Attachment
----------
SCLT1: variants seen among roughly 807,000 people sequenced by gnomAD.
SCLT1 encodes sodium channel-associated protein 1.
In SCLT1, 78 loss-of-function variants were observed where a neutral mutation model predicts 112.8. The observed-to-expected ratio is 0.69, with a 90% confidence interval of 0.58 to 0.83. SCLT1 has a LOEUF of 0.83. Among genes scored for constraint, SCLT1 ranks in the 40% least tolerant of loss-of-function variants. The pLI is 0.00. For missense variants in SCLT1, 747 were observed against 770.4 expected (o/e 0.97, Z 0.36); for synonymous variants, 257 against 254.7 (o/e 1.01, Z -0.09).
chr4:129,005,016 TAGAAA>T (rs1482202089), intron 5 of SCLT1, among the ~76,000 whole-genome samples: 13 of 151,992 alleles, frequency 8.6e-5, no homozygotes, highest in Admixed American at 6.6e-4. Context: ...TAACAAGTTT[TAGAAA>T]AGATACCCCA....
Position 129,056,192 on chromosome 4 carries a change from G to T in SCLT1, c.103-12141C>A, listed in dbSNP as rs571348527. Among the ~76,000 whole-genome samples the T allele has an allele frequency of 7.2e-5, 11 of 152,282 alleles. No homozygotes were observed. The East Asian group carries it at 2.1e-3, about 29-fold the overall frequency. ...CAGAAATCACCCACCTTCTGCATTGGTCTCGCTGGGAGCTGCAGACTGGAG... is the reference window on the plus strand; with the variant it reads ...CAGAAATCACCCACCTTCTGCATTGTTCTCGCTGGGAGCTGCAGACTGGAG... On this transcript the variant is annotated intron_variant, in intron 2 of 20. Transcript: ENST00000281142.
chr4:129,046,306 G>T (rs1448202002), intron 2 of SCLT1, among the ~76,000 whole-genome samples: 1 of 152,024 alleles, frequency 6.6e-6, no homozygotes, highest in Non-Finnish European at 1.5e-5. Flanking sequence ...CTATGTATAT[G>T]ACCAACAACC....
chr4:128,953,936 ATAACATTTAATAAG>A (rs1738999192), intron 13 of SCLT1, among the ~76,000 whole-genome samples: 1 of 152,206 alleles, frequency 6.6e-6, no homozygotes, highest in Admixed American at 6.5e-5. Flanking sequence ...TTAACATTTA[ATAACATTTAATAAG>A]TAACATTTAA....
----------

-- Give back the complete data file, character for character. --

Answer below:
SCLT1: variants seen among roughly 807,000 people sequenced by gnomAD.
SCLT1 encodes sodium channel-associated protein 1.
In SCLT1, 78 loss-of-function variants were observed where a neutral mutation model predicts 112.8. The observed-to-expected ratio is 0.69, with a 90% confidence interval of 0.58 to 0.83. SCLT1 has a LOEUF of 0.83. Among genes scored for constraint, SCLT1 ranks in the 40% least tolerant of loss-of-function variants. The pLI is 0.00. For missense variants in SCLT1, 747 were observed against 770.4 expected (o/e 0.97, Z 0.36); for synonymous variants, 257 against 254.7 (o/e 1.01, Z -0.09).
chr4:129,005,016 TAGAAA>T (rs1482202089), intron 5 of SCLT1, among the ~76,000 whole-genome samples: 13 of 151,992 alleles, frequency 8.6e-5, no homozygotes, highest in Admixed American at 6.6e-4. Context: ...TAACAAGTTT[TAGAAA>T]AGATACCCCA....
Position 129,056,192 on chromosome 4 carries a change from G to T in SCLT1, c.103-12141C>A, listed in dbSNP as rs571348527. Among the ~76,000 whole-genome samples the T allele has an allele frequency of 7.2e-5, 11 of 152,282 alleles. No homozygotes were observed. The East Asian group carries it at 2.1e-3, about 29-fold the overall frequency. ...CAGAAATCACCCACCTTCTGCATTGGTCTCGCTGGGAGCTGCAGACTGGAG... is the reference window on the plus strand; with the variant it reads ...CAGAAATCACCCACCTTCTGCATTGTTCTCGCTGGGAGCTGCAGACTGGAG... On this transcript the variant is annotated intron_variant, in intron 2 of 20. Transcript: ENST00000281142.
chr4:129,046,306 G>T (rs1448202002), intron 2 of SCLT1, among the ~76,000 whole-genome samples: 1 of 152,024 alleles, frequency 6.6e-6, no homozygotes, highest in Non-Finnish European at 1.5e-5. Flanking sequence ...CTATGTATAT[G>T]ACCAACAACC....
chr4:128,953,936 ATAACATTTAATAAG>A (rs1738999192), intron 13 of SCLT1, among the ~76,000 whole-genome samples: 1 of 152,206 alleles, frequency 6.6e-6, no homozygotes, highest in Admixed American at 6.5e-5. Flanking sequence ...TTAACATTTA[ATAACATTTAATAAG>A]TAACATTTAA....